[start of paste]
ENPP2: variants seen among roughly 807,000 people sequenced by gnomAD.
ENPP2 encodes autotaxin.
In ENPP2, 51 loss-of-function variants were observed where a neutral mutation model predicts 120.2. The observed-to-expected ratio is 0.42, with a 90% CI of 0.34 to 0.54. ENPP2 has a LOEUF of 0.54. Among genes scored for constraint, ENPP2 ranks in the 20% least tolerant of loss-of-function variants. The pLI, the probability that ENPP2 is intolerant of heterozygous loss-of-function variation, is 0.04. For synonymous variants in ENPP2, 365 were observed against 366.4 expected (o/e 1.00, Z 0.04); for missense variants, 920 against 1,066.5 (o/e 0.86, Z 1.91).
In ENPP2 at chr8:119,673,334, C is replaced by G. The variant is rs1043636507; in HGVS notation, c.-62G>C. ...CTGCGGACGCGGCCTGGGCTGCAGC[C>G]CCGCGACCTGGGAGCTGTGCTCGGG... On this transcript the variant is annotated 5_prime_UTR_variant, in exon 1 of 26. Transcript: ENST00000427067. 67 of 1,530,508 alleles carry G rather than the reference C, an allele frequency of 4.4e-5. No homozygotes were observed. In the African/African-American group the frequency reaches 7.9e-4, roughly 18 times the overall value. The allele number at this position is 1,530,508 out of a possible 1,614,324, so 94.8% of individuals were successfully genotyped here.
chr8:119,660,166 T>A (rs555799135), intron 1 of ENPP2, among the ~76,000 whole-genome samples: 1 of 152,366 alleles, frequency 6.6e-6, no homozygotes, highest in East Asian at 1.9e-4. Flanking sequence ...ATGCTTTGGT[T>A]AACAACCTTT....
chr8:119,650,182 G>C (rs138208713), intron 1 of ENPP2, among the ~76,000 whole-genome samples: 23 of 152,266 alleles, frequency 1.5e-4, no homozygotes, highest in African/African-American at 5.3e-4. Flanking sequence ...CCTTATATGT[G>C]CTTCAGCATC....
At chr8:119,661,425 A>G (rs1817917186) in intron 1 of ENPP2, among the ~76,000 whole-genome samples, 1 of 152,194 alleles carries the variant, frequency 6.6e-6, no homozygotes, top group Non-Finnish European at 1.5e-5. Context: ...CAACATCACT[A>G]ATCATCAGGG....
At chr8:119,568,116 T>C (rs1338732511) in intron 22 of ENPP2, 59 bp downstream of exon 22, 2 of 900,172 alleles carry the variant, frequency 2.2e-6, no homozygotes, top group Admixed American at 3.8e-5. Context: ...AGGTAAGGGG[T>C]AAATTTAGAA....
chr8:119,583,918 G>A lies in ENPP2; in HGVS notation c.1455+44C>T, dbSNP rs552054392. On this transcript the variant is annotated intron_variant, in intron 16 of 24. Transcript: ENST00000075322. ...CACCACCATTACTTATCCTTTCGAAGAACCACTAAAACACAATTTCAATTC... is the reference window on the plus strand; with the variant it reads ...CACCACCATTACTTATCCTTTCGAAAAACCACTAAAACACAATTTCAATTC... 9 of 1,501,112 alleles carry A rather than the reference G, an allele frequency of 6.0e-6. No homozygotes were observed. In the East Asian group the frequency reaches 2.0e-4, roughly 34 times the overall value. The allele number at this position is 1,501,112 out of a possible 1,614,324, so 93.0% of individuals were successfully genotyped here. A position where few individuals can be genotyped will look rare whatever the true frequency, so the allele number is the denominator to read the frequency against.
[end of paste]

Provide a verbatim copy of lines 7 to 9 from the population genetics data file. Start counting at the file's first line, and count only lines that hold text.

At chr8:119,661,425 A>G (rs1817917186) in intron 1 of ENPP2, among the ~76,000 whole-genome samples, 1 of 152,194 alleles carries the variant, frequency 6.6e-6, no homozygotes, top group Non-Finnish European at 1.5e-5. Context: ...CAACATCACT[A>G]ATCATCAGGG....
At chr8:119,568,116 T>C (rs1338732511) in intron 22 of ENPP2, 59 bp downstream of exon 22, 2 of 900,172 alleles carry the variant, frequency 2.2e-6, no homozygotes, top group Admixed American at 3.8e-5. Context: ...AGGTAAGGGG[T>C]AAATTTAGAA....
chr8:119,583,918 G>A lies in ENPP2; in HGVS notation c.1455+44C>T, dbSNP rs552054392. On this transcript the variant is annotated intron_variant, in intron 16 of 24. Transcript: ENST00000075322. ...CACCACCATTACTTATCCTTTCGAAGAACCACTAAAACACAATTTCAATTC... is the reference window on the plus strand; with the variant it reads ...CACCACCATTACTTATCCTTTCGAAAAACCACTAAAACACAATTTCAATTC... 9 of 1,501,112 alleles carry A rather than the reference G, an allele frequency of 6.0e-6. No homozygotes were observed. In the East Asian group the frequency reaches 2.0e-4, roughly 34 times the overall value. The allele number at this position is 1,501,112 out of a possible 1,614,324, so 93.0% of individuals were successfully genotyped here. A position where few individuals can be genotyped will look rare whatever the true frequency, so the allele number is the denominator to read the frequency against.